Erin Day is an actress and budding screenwriter with a handful of credits to her name and her sights set on creating her first feature length film. She’s also a lifelong horror fan and pansexual woman who has found a place in her life where she’s finally comfortable.
Day sat down with me for an interview for Horror Pride Month and took me on a journey through her life, highlighting the moments and films that stuck out to her and her own personal intention to change the way the genre portrays queer women.
Growing up, she had a mom who was really open to letting her kids watch the movies they wanted to watch. Having a natural curiosity, Day absorbed everything that caught her eye but two films, in particular, were formative to her becoming a horror fan.
“The first was Killer Klowns from Outer Space,” Day explained. “That was when I knew that I liked being scared. I mean, I didn’t like it, but I liked it! It was such a weird, complex feeling for me. Then when I was about 11 or 12, I saw The Exorcist. Mom asked if I was sure and I told her I was so she sat down and we watched it together.”
From that moment on, Day was hooked, and despite a brief period in her mid-teens where she lost her taste for them, she’s remained a horror fan ever since.
As for her identity as a queer woman, that took a little more time.
“I knew I was different when I was probably eight or nine years old,” she told me. “There were lots of little things like I always wanted to wear boy bathing suits when I was a kid and didn’t understand why I couldn’t do that. I was totally different, but my mom never once made me feel different. I still fought it pretty hard, though. I didn’t come out until after I had been married to a man for a year and he was the first person I came out to.”
Her journey continued from there as many of ours do with counseling and acceptance of who she was as a person, and yet, her newly accepted personal identity began to chafe against her love for horror.
“About five years ago, I decided I wanted to make a difference in how queer people, and especially queer women, are portrayed in horror,” Day explained. “I feel like it borders on pornographic and it’s definitely fetishized and to an extent, I get that. It’s horror. It’s tits and ass and blood.”
Still, it didn’t sit well with her, especially a lot of the queer coding that has gone on in the past.
For those unaware, queer-coding is a term that describes giving certain traits to a character that may imply that they are queer without actually coming out and saying it directly. This is, unfortunately, most often used for villains in everything from horror films to Disney movies, and it has a direct effect on how queer audiences view films.
Day recalled one instance in particular when she was building a character backstory for a role that she was set to play. While in prep, she asked the director if her character was actually in a relationship with a woman.
“He responded by telling me it wasn’t that kind of movie,” Day said. “There was like this dirty sense to what he was saying. I wasn’t trying to make it pornographic. I was just figuring out my character!”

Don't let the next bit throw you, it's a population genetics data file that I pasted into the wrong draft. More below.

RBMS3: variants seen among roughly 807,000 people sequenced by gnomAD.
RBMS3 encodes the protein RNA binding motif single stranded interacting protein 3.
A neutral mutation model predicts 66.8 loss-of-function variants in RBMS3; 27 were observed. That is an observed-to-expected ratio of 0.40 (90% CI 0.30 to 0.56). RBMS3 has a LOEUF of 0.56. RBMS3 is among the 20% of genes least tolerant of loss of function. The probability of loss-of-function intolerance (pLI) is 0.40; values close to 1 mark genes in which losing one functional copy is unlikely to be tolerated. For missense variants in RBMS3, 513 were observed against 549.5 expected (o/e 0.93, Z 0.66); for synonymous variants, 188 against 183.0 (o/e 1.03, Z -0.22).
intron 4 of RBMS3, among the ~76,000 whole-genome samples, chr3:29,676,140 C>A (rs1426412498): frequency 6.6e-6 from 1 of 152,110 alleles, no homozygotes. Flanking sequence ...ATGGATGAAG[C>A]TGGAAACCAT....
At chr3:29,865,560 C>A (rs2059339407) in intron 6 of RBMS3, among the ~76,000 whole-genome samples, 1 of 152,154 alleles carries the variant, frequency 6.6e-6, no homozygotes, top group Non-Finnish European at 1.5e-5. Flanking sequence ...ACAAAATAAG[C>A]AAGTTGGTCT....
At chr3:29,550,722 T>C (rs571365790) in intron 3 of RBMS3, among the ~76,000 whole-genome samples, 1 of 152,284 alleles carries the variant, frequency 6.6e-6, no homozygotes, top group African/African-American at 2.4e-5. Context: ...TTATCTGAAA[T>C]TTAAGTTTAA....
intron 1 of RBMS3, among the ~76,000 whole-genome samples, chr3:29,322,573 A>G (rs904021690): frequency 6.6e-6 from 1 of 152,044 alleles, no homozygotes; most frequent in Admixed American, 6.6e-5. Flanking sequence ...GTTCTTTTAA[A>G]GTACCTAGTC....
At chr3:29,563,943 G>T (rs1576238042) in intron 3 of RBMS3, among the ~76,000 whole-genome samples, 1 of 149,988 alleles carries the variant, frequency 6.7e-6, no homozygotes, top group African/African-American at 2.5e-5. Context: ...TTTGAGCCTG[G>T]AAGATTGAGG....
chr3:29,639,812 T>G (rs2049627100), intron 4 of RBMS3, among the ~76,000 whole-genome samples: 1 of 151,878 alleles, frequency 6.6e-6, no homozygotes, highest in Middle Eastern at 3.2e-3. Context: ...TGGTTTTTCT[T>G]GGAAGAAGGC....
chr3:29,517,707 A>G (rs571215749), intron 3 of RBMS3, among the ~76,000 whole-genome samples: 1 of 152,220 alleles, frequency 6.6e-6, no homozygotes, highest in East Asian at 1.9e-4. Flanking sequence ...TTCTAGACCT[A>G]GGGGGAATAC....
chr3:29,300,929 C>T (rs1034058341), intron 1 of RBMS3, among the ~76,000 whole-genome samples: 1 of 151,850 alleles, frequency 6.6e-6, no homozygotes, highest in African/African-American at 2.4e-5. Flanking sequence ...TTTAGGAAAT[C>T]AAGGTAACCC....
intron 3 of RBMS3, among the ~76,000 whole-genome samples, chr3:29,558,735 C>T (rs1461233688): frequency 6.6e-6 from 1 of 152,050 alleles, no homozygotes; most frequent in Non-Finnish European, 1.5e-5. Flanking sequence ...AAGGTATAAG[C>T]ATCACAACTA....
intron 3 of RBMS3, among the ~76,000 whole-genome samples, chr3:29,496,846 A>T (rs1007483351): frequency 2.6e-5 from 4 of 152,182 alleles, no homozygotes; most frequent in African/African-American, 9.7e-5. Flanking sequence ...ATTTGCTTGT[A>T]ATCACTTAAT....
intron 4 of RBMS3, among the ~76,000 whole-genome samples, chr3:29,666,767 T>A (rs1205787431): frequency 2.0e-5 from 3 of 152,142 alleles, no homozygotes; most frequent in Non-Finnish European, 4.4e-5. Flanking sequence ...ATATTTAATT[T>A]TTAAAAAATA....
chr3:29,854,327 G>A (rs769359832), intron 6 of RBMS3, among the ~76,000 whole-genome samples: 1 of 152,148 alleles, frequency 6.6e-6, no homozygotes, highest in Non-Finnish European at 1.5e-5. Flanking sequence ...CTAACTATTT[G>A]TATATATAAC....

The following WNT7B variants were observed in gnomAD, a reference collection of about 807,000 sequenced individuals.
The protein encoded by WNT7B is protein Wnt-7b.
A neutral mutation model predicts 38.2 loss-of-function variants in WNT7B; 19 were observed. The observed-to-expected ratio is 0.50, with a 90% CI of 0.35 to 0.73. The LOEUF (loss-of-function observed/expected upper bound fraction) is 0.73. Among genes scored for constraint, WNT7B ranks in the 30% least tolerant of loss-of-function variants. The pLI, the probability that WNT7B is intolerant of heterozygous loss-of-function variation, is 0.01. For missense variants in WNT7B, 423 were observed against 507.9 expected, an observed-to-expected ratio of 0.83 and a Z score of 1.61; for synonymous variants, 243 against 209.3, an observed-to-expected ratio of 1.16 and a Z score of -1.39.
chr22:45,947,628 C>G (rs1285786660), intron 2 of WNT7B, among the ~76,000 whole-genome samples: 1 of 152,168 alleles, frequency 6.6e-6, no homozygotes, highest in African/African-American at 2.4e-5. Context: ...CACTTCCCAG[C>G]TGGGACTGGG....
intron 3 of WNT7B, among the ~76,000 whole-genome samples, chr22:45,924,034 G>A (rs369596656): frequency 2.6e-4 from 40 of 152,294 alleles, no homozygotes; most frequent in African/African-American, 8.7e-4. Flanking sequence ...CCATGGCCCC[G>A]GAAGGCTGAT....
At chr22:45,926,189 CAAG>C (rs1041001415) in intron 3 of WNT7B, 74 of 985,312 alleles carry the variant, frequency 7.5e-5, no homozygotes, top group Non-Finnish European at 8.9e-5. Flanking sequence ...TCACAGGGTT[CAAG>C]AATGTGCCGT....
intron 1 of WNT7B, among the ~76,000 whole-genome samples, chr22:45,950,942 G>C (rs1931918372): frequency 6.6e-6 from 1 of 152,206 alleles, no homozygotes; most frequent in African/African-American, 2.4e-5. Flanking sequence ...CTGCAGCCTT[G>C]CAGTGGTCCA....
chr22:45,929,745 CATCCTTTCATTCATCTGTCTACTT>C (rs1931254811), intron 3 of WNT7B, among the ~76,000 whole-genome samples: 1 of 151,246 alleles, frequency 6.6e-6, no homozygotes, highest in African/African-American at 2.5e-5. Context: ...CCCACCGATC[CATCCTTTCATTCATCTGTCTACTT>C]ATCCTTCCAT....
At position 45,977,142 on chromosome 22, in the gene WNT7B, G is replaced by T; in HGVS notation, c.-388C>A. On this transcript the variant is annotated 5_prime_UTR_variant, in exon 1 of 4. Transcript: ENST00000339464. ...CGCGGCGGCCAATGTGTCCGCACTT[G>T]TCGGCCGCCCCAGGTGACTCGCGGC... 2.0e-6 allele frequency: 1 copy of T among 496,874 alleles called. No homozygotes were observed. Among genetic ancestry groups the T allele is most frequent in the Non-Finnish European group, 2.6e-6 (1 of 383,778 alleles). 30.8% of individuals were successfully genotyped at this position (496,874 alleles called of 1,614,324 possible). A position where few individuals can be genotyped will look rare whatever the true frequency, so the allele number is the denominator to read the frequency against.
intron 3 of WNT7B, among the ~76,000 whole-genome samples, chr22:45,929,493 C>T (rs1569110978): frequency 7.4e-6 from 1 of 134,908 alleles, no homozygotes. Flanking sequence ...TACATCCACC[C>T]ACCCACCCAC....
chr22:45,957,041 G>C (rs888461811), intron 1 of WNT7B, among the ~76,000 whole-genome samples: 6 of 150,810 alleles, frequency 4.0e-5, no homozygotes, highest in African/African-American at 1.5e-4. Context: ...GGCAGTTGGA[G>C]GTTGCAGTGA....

The actress says she’s run into the same kind of reaction from people when she’s talking about the film she’s written.
Dusso tells the story of a non-binary person in East London in the late nineteenth century. Forced into prostitution, Dusso begins a relationship with a woman named Rosalee. Rosalee’s father becomes enraged when he finds out who his daughter is spending time with, and things spiral out of control.
Day says the story has an almost Tim Burton-esque quality to it with larger than life characters and actions that place it somewhere between Sweeney Todd and Jack the Ripper.
“It’s kind of a body horror love story,” she said. “But when I tell people about it they assume it’s somehow going to be some dark, pornographic story and that’s not what it’s like at all. It makes me sad that people assume that.”
Fortunately she says that she has seen some change in the portrayal of queer women in the genre particularly with films like Stewart Thorndike’s Lyle, a film that feels a bit like Rosemary’s Baby but with a central lesbian couple, and the wonderful way that shows like The Chilling Tales of Sabrina has openly embraced the spectrum of sexual orientations and gender identities.
A particular favorite of Day’s is Ingrid Jungermann’s Women Who Kill.
“It a dark horror comedy and there are a lot of lesbian characters in it, but you hardly even think about it while you watch it,” she explained. “That’s how I feel like horror should be evolving. You’re not sitting there thinking, ‘Hey, I’m watching a lesbian movie!’ It’s more like you’re just watching a movie that happens to have lesbian characters in it.”
This kind of normalized representation is what many of us in the queer community are hoping for ultimately, and possibly what the larger studios who produce horror content don’t understand is that they don’t have to make a big deal out of a queer character being in their film.
Just write a normal, every day queer person who happens to find themselves in the midst of the horror like everyone else. If you do it, and you do it well, the queer community will surely provide all the hype you could ever want.
Check out the trailer for Erin Day’s Dusso below. While the film is still in the process of heading toward production, it never hurts to know what’s on the horizon from such a talented queer artist.